14

I send a lot of emails - some important and some not. I often get replies for the important ones promptly, but the less important ones can often be forgotten.

I understand this - I'm sure I do the same sometimes.

This specific case is me emailing a local politician. We spoke at an open village meeting and I emailed to ask for clarification about something he said. He hasn't replied.

When I need an answer, how should I follow up? I will sometimes forward the email I sent onto them again, with a short message like "Hi, did you get a chance to take a look at this" - and then it's obvious I've been waiting. Is this too passive aggressive?

9

I don't think it's passive aggressive at all.

Just a friendly reminder such as

"Hey, when you get a chance, can you take a look at this? Not sure if you saw this or not. Thanks."

Or however your writing style goes, that is appropriate for the situation.

Anything that isn't judgmental. Make sure that you include some inkling about what the original thing is about.

Generally speaking, do it for when you need a response. If it's something like, "hey, do you want to do something for lunch?" sending another email may not be appropriate. If it's something urgent, or someone that you need to make sure they see right away, then it's time to actually interact with them, such as sending them a phone call (e.g. a work issue).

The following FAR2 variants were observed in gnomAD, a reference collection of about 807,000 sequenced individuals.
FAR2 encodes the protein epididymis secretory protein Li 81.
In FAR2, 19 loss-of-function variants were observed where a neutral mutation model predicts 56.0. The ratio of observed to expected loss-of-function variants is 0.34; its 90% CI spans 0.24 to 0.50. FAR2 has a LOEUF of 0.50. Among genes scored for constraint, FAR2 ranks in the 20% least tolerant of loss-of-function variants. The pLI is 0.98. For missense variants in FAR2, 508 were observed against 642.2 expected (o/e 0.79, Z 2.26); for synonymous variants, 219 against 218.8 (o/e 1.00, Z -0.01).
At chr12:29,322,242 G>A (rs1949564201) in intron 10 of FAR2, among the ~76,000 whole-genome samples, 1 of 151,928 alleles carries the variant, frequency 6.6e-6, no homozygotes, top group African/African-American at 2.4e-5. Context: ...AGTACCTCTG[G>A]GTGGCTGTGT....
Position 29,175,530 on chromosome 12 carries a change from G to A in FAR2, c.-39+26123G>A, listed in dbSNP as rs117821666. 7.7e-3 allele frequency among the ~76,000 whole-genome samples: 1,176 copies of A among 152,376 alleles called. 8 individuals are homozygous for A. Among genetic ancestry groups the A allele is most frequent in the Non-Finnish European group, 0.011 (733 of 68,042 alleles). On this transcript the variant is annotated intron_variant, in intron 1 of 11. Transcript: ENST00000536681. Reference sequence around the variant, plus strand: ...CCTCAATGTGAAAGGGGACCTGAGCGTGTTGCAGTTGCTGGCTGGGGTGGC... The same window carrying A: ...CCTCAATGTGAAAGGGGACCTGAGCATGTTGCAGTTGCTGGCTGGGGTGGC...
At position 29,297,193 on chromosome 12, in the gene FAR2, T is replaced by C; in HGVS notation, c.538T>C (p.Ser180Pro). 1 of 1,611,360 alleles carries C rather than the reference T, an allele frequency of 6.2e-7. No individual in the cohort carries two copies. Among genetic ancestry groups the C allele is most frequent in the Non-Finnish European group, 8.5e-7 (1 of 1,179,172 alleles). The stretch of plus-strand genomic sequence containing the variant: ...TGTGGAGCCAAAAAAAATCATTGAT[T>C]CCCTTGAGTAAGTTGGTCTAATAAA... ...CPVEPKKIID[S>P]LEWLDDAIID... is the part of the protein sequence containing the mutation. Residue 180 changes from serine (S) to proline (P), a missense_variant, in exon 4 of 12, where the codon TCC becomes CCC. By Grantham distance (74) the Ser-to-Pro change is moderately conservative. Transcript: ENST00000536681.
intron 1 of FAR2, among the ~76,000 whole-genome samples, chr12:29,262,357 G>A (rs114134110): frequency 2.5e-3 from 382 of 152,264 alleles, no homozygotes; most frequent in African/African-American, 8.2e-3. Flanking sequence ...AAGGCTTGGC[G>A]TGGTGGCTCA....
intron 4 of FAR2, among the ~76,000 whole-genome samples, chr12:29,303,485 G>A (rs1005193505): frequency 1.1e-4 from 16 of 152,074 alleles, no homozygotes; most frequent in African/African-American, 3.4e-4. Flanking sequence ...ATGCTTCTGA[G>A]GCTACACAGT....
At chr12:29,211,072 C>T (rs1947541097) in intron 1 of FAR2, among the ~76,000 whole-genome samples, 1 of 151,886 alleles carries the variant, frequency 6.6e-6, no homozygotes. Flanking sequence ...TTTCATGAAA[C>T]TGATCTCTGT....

3

It might depend on the recipient.

For a friend or family member your option is very probably good.

For an acquaintance maybe "just wanted to bump this to your attention" or "just a friendly reminder" or something similar.

For a senior colleague something more formal could be good like "I'm sure you're busy but I would really appreciate your input on this."

If possible, use a group message so nobody feels targeted. "Hey everyone, looking forward to this Saturday, let me know your plans if you didn't already!"

2

Be up front about why you are writing again.

If it's worth following up on, then it's worth stating why you are following up. If you say "Did you get a chance...", you are leaving room for them to have a negative thought as to why you are writing again.

But if you put the Bottom Line Up Front (BLUF), they will know exactly why it is important for you to follow up. They should then write back, even if it is just to say they have no input. And since they know, they should not have any ill feelings.

1

I believe that the answers so far are very much on track. But, to reflect on you original posting, there seems two points to consider. The first of these is your general point of reminding someone of an "overlooked" (for less judgmental sounding than "ignored") email. In general a gentle query as you have suggested ("Did you get a chance to take a look at this?") seems appropriate in most cases, as it does not suggest that you are suggesting that they are personally slighting you, but rather that they are busy. The second point here relates to your particular example of a local official. Here it is helpful to make it clear you realise they have a lot to deal with, but you would really appreciate their feedback. Make it clear what clarification you are seeking, and why this is important to you. This limits the time and scope of their response (showing you appreciate their time constraints) and as a politician such clarifications, when the intention and importance is understood, will usually try to be helpful in order to keep a constituent happy.

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